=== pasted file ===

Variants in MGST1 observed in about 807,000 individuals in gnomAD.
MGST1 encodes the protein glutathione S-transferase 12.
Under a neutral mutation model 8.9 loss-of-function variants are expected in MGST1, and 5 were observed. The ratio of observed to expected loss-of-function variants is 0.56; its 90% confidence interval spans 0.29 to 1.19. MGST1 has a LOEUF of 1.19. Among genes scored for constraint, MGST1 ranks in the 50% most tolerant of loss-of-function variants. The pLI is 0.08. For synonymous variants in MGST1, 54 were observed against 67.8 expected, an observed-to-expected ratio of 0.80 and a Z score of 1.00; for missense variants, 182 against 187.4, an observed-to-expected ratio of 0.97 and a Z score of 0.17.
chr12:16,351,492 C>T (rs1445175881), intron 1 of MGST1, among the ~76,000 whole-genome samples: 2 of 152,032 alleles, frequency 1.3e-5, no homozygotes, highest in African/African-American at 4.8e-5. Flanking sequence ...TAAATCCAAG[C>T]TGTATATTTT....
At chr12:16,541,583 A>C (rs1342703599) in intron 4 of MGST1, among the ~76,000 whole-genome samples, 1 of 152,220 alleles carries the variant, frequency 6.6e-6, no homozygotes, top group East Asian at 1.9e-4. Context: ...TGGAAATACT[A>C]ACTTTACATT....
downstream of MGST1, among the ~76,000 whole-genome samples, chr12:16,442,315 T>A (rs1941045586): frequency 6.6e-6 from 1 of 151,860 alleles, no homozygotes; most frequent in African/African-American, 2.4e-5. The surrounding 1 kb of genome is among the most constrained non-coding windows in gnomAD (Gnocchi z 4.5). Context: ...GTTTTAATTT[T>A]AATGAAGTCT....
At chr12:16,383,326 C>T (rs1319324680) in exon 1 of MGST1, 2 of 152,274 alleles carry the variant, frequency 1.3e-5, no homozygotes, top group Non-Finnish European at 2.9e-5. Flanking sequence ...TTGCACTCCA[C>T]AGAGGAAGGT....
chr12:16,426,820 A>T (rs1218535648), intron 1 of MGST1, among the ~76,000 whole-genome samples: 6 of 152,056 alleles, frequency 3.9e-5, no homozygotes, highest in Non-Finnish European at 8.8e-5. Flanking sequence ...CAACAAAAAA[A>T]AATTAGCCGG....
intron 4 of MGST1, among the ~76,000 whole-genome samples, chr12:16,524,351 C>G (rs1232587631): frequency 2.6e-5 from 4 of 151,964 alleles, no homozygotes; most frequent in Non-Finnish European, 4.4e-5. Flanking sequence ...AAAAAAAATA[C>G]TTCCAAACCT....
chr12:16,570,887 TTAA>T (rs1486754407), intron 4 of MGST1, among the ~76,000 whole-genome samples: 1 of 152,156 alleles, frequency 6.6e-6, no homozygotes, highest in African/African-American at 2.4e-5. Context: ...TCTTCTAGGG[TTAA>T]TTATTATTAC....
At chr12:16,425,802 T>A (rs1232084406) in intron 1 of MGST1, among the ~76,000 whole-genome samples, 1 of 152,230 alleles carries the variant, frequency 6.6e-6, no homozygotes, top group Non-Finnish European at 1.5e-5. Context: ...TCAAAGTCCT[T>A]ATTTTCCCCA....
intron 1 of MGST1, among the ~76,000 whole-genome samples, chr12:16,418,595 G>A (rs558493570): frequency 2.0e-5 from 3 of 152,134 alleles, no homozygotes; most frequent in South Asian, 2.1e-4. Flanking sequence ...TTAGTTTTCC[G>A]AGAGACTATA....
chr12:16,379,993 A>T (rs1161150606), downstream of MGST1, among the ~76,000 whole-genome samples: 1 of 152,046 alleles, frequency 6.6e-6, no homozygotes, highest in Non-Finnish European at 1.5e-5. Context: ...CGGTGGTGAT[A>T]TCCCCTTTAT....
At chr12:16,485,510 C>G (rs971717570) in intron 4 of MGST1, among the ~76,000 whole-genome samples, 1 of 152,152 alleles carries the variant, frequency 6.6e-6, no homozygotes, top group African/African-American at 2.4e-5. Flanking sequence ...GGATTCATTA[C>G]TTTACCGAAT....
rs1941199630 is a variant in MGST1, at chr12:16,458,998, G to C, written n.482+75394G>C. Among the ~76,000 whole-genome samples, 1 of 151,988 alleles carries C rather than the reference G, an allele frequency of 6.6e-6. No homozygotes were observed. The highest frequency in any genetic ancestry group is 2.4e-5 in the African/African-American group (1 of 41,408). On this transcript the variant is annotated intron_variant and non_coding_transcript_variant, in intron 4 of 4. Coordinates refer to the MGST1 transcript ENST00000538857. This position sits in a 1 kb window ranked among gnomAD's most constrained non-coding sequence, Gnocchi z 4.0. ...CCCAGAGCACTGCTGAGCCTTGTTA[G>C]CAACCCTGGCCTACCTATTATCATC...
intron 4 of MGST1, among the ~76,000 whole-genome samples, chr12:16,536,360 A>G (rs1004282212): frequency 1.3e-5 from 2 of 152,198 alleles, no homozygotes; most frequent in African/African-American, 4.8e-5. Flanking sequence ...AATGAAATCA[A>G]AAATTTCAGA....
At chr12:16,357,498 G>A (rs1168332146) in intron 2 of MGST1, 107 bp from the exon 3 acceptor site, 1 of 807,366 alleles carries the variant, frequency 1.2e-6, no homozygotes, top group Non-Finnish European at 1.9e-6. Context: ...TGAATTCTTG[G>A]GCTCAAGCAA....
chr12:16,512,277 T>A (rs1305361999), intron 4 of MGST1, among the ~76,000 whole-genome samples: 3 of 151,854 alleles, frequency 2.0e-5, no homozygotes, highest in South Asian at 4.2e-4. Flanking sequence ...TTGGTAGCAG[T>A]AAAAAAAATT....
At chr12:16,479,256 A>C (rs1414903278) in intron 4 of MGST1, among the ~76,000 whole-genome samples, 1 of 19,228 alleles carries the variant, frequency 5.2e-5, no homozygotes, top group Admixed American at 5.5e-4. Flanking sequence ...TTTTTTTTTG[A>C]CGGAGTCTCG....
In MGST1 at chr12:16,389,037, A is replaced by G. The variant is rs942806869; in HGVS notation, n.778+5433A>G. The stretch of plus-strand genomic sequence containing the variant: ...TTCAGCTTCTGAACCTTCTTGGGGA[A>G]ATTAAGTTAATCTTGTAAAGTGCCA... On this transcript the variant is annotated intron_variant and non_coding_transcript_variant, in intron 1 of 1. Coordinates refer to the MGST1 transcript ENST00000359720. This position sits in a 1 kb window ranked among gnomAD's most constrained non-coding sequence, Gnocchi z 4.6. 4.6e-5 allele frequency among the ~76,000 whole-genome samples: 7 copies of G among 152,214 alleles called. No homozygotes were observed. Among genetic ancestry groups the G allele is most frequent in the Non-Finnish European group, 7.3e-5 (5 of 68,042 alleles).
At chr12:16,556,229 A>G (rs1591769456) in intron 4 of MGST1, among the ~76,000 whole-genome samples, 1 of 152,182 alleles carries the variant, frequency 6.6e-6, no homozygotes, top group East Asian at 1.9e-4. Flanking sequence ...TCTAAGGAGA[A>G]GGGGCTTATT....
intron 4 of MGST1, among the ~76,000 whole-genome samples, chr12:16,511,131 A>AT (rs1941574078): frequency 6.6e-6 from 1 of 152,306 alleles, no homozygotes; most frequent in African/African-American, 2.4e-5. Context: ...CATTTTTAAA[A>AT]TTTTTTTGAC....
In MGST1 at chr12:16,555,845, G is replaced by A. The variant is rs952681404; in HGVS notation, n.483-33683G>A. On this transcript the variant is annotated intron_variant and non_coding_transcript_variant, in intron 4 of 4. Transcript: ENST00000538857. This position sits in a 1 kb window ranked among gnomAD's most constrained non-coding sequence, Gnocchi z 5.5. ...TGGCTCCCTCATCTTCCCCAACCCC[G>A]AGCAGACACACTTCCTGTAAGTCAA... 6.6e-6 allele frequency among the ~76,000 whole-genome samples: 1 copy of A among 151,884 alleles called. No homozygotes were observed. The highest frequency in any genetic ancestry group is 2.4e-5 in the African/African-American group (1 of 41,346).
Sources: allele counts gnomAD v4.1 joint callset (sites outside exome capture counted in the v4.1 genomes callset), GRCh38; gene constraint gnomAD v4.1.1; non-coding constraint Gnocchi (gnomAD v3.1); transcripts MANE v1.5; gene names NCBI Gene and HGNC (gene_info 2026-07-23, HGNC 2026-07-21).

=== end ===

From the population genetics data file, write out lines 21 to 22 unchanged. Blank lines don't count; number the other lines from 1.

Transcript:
At chr12:16,556,229 A>G (rs1591769456) in intron 4 of MGST1, among the ~76,000 whole-genome samples, 1 of 152,182 alleles carries the variant, frequency 6.6e-6, no homozygotes, top group East Asian at 1.9e-4. Flanking sequence ...TCTAAGGAGA[A>G]GGGGCTTATT....
intron 4 of MGST1, among the ~76,000 whole-genome samples, chr12:16,511,131 A>AT (rs1941574078): frequency 6.6e-6 from 1 of 152,306 alleles, no homozygotes; most frequent in African/African-American, 2.4e-5. Context: ...CATTTTTAAA[A>AT]TTTTTTTGAC....